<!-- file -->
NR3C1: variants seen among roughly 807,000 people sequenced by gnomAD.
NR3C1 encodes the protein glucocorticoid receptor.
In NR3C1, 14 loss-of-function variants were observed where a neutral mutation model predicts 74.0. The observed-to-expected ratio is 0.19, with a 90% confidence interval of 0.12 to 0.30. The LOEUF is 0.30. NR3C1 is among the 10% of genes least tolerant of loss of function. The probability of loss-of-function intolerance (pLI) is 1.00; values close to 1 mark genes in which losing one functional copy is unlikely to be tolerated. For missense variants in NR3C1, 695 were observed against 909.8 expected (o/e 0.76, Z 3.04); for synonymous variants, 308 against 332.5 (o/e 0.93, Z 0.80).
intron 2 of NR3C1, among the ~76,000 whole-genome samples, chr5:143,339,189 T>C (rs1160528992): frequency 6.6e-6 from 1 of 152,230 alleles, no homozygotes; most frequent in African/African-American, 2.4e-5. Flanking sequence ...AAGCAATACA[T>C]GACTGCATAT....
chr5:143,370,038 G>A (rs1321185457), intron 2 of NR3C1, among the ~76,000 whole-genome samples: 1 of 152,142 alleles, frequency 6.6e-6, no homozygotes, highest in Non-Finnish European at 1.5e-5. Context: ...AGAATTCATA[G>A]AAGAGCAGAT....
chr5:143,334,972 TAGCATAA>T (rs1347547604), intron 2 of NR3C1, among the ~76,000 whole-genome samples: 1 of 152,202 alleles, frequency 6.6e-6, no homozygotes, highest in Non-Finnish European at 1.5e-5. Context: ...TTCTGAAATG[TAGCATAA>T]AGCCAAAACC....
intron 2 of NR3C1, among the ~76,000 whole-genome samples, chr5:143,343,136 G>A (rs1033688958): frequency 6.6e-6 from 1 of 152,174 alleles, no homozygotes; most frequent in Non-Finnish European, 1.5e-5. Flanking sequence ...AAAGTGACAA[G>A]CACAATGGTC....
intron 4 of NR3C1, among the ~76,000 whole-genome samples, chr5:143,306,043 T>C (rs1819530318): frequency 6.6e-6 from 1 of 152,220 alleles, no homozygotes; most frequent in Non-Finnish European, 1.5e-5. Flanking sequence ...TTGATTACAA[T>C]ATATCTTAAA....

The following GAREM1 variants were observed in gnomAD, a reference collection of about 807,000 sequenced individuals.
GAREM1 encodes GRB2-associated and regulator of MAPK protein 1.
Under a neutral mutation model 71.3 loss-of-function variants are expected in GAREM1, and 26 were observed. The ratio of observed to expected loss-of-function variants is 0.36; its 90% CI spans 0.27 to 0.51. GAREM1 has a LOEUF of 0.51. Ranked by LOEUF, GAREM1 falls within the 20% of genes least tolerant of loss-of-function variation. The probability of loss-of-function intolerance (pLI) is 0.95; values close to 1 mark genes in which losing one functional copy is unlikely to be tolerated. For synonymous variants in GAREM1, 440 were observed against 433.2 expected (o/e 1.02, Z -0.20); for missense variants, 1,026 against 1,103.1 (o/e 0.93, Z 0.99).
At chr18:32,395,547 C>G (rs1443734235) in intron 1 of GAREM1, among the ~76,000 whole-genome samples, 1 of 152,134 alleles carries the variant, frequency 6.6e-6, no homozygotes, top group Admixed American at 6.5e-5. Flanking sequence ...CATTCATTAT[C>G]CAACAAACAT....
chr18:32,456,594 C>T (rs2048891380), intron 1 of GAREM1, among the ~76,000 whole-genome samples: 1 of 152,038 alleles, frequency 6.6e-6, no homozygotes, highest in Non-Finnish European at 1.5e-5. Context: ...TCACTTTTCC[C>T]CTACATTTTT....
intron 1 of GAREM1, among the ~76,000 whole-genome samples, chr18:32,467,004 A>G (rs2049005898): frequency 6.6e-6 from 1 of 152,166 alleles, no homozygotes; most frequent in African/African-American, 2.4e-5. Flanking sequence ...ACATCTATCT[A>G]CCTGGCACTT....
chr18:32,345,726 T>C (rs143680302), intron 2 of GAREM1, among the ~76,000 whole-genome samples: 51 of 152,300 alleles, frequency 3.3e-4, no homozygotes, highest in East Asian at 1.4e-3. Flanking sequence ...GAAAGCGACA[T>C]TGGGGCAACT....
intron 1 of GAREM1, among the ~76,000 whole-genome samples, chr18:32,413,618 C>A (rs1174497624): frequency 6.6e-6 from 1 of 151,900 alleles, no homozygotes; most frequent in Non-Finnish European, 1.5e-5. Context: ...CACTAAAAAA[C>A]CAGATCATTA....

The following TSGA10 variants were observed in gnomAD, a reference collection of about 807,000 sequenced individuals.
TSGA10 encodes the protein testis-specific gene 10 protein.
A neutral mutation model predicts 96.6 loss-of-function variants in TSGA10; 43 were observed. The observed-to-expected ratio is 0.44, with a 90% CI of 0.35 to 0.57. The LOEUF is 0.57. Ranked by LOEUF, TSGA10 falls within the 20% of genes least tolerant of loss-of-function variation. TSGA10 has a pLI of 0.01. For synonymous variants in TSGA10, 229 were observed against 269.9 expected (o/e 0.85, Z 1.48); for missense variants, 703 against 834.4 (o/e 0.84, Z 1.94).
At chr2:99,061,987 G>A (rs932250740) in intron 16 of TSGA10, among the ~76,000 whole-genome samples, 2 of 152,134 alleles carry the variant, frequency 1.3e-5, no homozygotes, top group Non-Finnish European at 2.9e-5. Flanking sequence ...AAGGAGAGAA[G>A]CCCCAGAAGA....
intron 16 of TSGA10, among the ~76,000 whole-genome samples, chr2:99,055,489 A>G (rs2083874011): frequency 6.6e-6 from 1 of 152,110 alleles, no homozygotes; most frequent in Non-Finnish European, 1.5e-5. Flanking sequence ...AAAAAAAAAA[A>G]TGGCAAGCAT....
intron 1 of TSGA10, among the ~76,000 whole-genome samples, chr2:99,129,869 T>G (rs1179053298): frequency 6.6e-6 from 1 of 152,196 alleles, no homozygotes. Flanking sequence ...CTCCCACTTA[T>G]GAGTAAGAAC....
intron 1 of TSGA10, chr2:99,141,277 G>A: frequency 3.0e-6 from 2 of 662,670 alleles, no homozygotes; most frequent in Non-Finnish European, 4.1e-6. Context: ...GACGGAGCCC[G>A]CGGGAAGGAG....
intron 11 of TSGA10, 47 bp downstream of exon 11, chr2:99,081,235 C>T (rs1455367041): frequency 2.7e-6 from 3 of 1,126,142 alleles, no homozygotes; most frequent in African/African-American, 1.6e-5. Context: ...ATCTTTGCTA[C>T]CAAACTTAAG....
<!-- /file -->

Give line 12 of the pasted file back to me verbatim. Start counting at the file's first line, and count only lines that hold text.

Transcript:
At chr18:32,395,547 C>G (rs1443734235) in intron 1 of GAREM1, among the ~76,000 whole-genome samples, 1 of 152,134 alleles carries the variant, frequency 6.6e-6, no homozygotes, top group Admixed American at 6.5e-5. Flanking sequence ...CATTCATTAT[C>G]CAACAAACAT....